2012 paper- “Is CO2 an Indoor Pollutant? Direct Effects of Low-to-Moderate CO2 Concentrations on Human Decision-Making Performance”[iv]. The Fisk, Mendell and Satish group studied the effects of pure CO2 on cognitive performance in a chamberwhere the dominant pollutant was pure CO2 added from the cylinder to the highly ventilated chamber in order to reduce the influence of other pollutants to a minimum. Three different CO2 levels were studied: 600 ppm, 1000 ppm and 2500 ppm. The battery with performance tests examining ability to take decisions was presented to subjects. The study showed a systematic reduction of performance with increased level of CO2 with statistically significant effects shown at 2500 ppm. Pawel was struck by how well the study was designed, straightforward and clear. The results could not be accidental as the sources of bias were very well controlled. The study was a consequence of the research presented in Hungarian journal showing that CO2 at 4000 ppm can reduce performance of proof-reading.
Harvard group with Joe Allen replicated the earlier study and extended it and published in 2015. The study was performed in normal office space in the Syracuse Center of Excellent facilities. Subjects were exposed for the whole working day whereas in earlier study only for few hours. Again, the researchers saw the systematic effects of increased CO2 on the ability to make decisions, so the results re-confirmed earlier work; the effects were seen at even lower levels than in the first study. Again, the experimental procedures and methodologies were excellent so the observed could not be explained by systematic bias and could be attributed to exposures.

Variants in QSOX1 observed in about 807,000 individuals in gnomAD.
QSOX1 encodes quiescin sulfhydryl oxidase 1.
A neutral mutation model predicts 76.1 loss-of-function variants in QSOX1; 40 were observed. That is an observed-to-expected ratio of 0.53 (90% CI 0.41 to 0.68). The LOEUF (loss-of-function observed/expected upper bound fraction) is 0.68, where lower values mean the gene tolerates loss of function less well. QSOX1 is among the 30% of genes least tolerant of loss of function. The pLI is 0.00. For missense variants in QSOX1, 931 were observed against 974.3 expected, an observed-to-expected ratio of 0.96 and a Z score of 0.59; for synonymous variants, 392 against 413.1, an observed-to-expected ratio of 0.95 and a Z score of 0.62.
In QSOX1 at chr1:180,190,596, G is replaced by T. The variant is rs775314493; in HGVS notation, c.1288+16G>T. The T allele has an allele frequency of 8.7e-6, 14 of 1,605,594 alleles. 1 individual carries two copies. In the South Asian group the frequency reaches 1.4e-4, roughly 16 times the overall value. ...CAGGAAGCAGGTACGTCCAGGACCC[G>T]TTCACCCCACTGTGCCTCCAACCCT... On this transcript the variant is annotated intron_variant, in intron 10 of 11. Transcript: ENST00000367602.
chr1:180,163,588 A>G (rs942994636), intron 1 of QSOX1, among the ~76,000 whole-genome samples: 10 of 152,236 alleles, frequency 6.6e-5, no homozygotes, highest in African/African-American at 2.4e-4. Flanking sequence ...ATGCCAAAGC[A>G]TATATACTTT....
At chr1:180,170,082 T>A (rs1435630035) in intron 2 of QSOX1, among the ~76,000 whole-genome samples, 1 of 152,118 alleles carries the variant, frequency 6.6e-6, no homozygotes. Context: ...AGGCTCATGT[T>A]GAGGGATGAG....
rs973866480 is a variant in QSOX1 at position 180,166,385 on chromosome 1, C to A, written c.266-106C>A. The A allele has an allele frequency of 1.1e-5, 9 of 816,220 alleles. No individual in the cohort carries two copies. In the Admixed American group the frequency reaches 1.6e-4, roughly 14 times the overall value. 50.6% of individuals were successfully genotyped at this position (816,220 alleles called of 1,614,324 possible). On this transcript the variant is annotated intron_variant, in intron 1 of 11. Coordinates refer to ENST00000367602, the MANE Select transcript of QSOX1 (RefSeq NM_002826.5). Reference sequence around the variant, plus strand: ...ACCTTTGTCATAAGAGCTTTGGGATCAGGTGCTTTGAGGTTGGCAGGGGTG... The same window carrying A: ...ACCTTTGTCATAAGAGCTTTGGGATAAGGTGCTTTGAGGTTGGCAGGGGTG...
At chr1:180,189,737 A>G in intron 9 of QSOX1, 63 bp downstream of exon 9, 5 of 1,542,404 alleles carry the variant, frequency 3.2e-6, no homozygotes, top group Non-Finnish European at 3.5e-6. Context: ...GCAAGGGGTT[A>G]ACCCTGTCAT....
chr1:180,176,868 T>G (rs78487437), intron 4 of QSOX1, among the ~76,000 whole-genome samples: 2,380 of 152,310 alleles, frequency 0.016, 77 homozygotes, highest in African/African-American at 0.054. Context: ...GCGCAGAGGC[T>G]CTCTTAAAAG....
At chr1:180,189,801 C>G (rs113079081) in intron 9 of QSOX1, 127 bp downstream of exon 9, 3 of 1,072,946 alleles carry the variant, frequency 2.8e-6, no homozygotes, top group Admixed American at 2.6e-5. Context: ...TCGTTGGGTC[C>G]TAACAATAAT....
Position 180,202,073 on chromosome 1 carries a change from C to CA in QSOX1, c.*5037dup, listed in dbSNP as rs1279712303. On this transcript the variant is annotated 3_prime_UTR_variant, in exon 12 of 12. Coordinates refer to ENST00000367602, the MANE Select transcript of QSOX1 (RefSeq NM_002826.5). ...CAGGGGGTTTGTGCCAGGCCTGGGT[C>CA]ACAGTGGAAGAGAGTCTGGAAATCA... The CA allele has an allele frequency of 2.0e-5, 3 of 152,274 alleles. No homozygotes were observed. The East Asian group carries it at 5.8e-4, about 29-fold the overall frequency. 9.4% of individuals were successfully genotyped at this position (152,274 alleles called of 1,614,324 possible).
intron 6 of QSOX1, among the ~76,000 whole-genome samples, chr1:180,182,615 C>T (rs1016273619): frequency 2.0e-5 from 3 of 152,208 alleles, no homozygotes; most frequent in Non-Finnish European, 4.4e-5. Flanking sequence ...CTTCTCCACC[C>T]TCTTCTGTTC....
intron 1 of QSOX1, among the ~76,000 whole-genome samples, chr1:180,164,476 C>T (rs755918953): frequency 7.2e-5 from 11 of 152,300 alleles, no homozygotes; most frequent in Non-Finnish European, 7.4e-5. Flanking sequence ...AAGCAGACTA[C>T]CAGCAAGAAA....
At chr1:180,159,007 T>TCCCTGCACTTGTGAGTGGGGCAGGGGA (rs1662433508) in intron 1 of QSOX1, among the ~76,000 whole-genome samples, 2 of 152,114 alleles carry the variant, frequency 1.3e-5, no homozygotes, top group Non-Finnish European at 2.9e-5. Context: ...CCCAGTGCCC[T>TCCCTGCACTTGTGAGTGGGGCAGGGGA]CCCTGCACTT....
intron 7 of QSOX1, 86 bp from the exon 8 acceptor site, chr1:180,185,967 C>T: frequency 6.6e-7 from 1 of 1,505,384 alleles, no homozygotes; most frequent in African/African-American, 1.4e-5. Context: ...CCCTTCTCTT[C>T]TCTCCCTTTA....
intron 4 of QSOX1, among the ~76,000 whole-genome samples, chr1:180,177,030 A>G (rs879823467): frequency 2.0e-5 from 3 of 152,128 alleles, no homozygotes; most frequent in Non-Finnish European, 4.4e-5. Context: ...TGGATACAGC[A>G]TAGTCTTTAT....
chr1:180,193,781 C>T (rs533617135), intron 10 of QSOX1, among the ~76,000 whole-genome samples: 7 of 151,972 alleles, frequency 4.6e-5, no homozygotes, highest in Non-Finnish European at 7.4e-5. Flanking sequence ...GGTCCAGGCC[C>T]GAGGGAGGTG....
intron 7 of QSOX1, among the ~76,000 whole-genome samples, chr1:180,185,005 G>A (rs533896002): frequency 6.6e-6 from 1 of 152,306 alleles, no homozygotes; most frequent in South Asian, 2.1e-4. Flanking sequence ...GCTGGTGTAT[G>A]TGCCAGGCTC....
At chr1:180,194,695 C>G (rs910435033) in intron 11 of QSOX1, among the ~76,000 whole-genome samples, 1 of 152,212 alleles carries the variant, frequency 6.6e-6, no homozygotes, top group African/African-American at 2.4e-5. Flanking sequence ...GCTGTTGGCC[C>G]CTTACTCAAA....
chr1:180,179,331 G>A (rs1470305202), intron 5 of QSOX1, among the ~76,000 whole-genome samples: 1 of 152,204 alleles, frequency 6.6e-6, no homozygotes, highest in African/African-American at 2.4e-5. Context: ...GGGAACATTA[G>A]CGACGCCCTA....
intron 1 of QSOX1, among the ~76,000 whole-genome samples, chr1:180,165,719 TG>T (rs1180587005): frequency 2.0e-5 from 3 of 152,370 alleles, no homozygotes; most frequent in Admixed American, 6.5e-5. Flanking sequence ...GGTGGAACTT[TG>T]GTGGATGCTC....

Pawel received a small grant from Bjarne Saxhof Foundation, a local Danish foundation anchored at the University. He always wanted to repeat the Fisk, Mendell and Satish study. He setup the team including a PhD student from Jiao Tong University in Shanghai and performed the work on the effects of CO2 in the stainless-steel chamber at the Centre. They did not use the same battery of tasks but their own battery composed of office-like tasks and psychological tests. Humans were exposed to 1000 ppm CO2 and then increased to 3000 ppm. CO2 was dosed from a cylinder and the chamber highly ventilated. Subjects were also exposed to human bioeffluents and these CO2 levels. This was done by reducing ventilation in the chamber. Reference condition was 500 ppm of CO2 similar to the first work. Besides they measured subjective responses of humans rating air quality, dissatisfaction and the intensity of perceived acute health symptoms such as irritation, difficulty to concentrate, fatigue or sleepiness. Besides several measurements of physiological responses were made with heartbeat, biomarkers and saliva and exhaled levels of CO2. These additional measurements were made to find the clue on why CO2 or bioeffluents could cause negative effects on performance. To their surprise they could not observe the effects on performance during exposures to CO2. And neither there were any negative subjective responses seen. In contrary the exposure to bioeffluents (with CO2) caused responses which were particularly strong at 3000 ppm. They could not solve the mystery of why CO2 could cause the negative effects. They then decided to extend the levels of CO2 to close to 5000 ppm, which is an occupational limit, but again no negative effects on performance on their batteries of tests were seen.